First Abstract Constructions
In October 1930, Calder paid a visit to the Dutch painter Piet Mondrian that would change the course of his career. Looking at the colored rectangles that covered the wall of Mondrian's studio, Calder remarked that he would like to see them move. After a few experiments in abstract painting, he began making constructions of wire and wood, equipping some with a crank or a small motor that could set them in motion (see Two Spheres within a Sphere and Pantograph). "Just as one can compose colors, or forms," Calder said, "so one can compose motions."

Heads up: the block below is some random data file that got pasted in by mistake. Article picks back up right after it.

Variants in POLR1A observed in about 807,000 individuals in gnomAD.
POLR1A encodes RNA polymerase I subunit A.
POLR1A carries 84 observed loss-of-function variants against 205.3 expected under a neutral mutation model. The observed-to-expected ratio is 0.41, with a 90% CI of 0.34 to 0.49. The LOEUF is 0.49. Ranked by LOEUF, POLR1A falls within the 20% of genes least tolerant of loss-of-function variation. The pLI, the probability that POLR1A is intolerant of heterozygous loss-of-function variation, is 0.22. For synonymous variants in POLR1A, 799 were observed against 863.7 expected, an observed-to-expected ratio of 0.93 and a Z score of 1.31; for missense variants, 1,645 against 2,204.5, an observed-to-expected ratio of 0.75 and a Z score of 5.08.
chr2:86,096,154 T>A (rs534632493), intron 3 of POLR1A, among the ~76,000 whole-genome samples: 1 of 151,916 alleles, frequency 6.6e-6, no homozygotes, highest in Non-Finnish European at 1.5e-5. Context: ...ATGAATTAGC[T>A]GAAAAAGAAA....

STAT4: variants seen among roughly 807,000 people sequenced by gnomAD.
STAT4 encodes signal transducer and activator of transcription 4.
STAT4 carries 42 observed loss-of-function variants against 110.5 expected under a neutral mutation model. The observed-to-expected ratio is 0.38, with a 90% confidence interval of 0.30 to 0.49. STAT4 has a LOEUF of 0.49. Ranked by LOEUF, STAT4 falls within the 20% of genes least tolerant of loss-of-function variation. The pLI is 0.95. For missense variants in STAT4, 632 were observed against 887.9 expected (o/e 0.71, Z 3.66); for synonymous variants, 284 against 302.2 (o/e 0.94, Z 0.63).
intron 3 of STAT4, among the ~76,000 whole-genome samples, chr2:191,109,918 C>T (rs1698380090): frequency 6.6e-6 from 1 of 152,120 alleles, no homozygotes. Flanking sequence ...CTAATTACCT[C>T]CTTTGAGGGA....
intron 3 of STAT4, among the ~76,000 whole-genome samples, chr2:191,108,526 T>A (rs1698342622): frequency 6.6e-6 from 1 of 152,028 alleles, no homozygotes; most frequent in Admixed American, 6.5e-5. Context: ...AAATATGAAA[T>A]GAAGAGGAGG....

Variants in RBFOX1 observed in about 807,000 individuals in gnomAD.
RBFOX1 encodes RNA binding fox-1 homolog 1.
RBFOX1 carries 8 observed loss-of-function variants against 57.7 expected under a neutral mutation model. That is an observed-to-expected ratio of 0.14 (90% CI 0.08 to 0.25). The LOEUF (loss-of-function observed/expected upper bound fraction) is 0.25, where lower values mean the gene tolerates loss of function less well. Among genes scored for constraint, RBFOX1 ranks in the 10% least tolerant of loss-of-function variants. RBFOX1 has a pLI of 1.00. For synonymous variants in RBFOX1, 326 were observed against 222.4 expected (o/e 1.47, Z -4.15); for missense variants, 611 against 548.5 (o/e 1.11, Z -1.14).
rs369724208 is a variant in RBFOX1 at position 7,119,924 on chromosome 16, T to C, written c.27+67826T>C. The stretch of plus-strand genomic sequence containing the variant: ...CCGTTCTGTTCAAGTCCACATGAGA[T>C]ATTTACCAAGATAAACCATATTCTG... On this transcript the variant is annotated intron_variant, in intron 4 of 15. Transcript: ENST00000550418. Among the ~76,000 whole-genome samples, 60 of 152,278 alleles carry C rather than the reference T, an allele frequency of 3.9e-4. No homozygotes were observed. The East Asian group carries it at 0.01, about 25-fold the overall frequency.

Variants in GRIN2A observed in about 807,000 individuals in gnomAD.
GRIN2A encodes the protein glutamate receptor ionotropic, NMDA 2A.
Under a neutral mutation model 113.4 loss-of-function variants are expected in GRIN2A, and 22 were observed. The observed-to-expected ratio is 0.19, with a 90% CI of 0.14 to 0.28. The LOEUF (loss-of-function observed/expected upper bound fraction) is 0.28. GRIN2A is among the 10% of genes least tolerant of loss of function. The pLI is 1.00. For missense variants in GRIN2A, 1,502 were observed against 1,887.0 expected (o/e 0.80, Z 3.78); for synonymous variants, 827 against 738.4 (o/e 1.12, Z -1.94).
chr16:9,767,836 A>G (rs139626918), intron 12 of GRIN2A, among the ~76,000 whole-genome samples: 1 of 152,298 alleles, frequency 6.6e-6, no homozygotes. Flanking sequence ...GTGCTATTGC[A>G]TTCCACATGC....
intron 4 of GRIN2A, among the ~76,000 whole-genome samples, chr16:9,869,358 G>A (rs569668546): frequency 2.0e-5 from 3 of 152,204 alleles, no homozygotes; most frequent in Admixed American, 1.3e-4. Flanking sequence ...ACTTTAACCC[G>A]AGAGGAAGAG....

Although abstract, these three-dimensional compositions evoke in their
form and movement representations of planets and other celestial bodies.
"The underlying sense of form in my work has been the system of the
Universe, or part thereof," Calder wrote. "What I mean is that the idea of
detached bodies floating in space, of different sizes and densities,
perhaps of different colors and temperatures, and surrounded and
interlarded with wisps of gaseous condition, and some at rest, while others
move in peculiar manners, seems to me the ideal source of form."
Copyright © 2008 National Gallery of Art, Washington, DC